Behaviors.setup[PaymentHandlingMessage] { context =>
    // watch the configuration actor, which we depend upon
    context.watch(configuration)
 
   // ...
   Behaviors.receiveSignal {
     case Terminated(ref) if ref == configuration =>
       // uh oh
       context.log.error("Configuration actor became unavailable, we're in trouble")
       Behaviors.stopped
    }
  }
}

The watching actor will receive a Terminated message containing the reference of the stopped actor being watched. We’ll talk about defining signals later — for the moment let’s just look at them as special kind of messages (which they in fact are).

Note that if we had not handled the Terminated signal ourselves then the watching actor would have thrown a DeathPactException and be stopped. This can be a useful behavior when an actor can’t function properly without another one being running, as it is the case with PaymentHandling and Configuration in our application.

akka

The /user guardian actor watches its Configuration child. If it crashes, /user will receive a ChildFailed signal.

Now, the Terminated signal is received if an actor is stopped gracefully. If the watched actor happens to be a child actor of of the watching actor and it is stopped because of a failure, the ChildFailed signal is emitted instead. ChildFailed extends Terminated which also provides the reason (exception) as to why the child failed:

def payment() =  Behaviors.setup[Nothing] { context =>
  context.log.info("Typed Payment Processor started")
  context.spawn(Configuration(), "config")
 
  // watch the child actor by passing its reference
  val processor = context.spawn(CreditCardProcessor.process, "creditCardProcessor")
  context.watch(processor)
 
  Behaviors.receiveSignal[Nothing] {
    case (ctx, ChildFailed(ref, cause)) =>
      context.log.warning("The child actor {} failed because {}", ref, cause.getMessage)
      Behaviors.same[Nothing]
      // handle the general case
    case (ctx, Terminated(ref)) =>
      context.log.info("Actor {} was stopped", ref)
      Behaviors.same[Nothing]
  }
}

This mechanism allows to emulate the Escalate decision that was available in the classic Akka actor API. It’s possible to simply throw an exception in the parent actor, and to behave in the same way in all parents in the hierarchy, which is to say to watch the child actor and to intercept the ChildFailed signal. It is even possible to preserve the original, underlying exception by rethrowing it or by wrapping it in an exception that allows to add more context.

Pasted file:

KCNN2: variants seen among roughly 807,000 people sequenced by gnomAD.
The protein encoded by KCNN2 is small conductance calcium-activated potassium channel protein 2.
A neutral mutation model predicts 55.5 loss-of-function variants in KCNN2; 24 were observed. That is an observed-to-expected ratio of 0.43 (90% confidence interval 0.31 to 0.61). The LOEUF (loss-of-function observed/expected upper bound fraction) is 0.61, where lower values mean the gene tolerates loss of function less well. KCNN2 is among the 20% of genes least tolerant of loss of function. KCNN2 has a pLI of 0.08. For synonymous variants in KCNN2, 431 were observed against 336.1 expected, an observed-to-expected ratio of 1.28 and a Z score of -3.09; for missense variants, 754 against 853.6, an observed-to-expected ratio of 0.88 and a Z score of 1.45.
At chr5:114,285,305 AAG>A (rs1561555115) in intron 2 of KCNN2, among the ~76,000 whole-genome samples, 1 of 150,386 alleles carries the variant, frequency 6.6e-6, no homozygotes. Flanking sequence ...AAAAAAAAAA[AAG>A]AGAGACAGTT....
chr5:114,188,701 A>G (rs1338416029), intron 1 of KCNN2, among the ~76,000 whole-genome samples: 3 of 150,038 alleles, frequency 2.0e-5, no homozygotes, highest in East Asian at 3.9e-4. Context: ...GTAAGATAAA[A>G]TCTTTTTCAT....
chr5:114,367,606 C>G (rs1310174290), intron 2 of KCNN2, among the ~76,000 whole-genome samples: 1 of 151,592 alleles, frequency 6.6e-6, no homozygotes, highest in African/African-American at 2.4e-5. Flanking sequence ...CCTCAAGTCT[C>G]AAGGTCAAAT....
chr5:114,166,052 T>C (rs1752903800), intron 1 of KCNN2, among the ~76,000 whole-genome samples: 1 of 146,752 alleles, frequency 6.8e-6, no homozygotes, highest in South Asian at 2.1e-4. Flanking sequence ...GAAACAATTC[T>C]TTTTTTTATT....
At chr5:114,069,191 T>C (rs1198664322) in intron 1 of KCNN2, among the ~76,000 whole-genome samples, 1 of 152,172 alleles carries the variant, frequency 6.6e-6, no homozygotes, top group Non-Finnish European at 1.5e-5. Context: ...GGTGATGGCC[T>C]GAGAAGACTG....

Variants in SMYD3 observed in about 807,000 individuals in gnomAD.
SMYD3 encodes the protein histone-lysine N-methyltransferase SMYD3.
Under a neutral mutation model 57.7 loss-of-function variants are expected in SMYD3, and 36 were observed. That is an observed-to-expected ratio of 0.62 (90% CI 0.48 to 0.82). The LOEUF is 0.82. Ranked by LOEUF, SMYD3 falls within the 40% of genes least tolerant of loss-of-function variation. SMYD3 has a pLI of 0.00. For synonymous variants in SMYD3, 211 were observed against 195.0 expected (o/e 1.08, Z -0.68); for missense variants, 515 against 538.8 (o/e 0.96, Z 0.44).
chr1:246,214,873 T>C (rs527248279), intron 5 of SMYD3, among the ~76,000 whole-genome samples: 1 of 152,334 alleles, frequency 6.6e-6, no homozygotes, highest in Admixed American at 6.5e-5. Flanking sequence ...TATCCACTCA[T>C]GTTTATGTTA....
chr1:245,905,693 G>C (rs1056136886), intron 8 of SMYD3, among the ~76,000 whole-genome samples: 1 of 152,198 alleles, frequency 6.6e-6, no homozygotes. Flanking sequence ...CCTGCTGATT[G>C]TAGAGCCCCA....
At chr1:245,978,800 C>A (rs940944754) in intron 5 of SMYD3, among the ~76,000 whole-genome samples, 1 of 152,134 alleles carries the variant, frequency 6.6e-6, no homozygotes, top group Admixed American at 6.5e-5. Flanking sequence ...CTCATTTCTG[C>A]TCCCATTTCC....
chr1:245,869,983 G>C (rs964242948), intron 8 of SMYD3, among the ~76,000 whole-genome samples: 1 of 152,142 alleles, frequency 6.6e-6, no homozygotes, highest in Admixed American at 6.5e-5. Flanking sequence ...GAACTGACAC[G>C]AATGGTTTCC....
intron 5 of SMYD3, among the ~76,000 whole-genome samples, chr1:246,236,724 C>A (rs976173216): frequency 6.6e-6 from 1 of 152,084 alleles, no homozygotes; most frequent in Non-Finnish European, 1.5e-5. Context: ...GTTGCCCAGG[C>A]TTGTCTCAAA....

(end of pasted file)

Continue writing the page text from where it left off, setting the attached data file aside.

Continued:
Signals

Signals are Akka’s channel for notifying actors about system events. In a classic Akka system, the handling of user-defined business logic and infrastructure messages is mixed and also somewhat split between overriding methods and receiving messages, which makes it harder to understand what is going on.

It is possible to handle signals by using the Behaviors.receiveSignal method as shown below:

def process: Behavior[ProcessorRequest] = Behaviors.setup { context =>
    Behaviors.receiveSignal {
        case (_, PreRestart) =>
          context.log.info("The credit card processor is being restarted")
          Behaviors.same
      }
    }
  }

The possible signals are lifecycle signals (PreRestart, PostStop) and lifecycle monitoring signals (Terminated, ChildFailed).

Concept comparison table

As usually in this series, here’s an attempt at comparing concepts in Akka Classic and Akka Typed:

akka

This post was originally published on Manuel Bernhardt’s blog.

Author
Manuel Bernhardt
Manuel Bernhardt is a passionate engineer, author, speaker and consultant who has a keen interest in the science of building and operating networked applications that run smoothly despite their distributed nature. Since 2008, he has guided and trained enterprise teams on the transformation to distributed computing. In recent years he is focusing primarily on production systems that embrace the reactive application architecture, using Scala, Play Framework and Akka to this end. Manuel likes to travel and is a frequent speaker at international conferences. He lives in Vienna where he is a co-organizer of the Scala Vienna User Group. Next to thinking, talking about and fiddling with computers he likes to spend time with his family, run, scuba-dive and read. You can find out more about Manuel's recent work at http://manuel.bernhardt.io.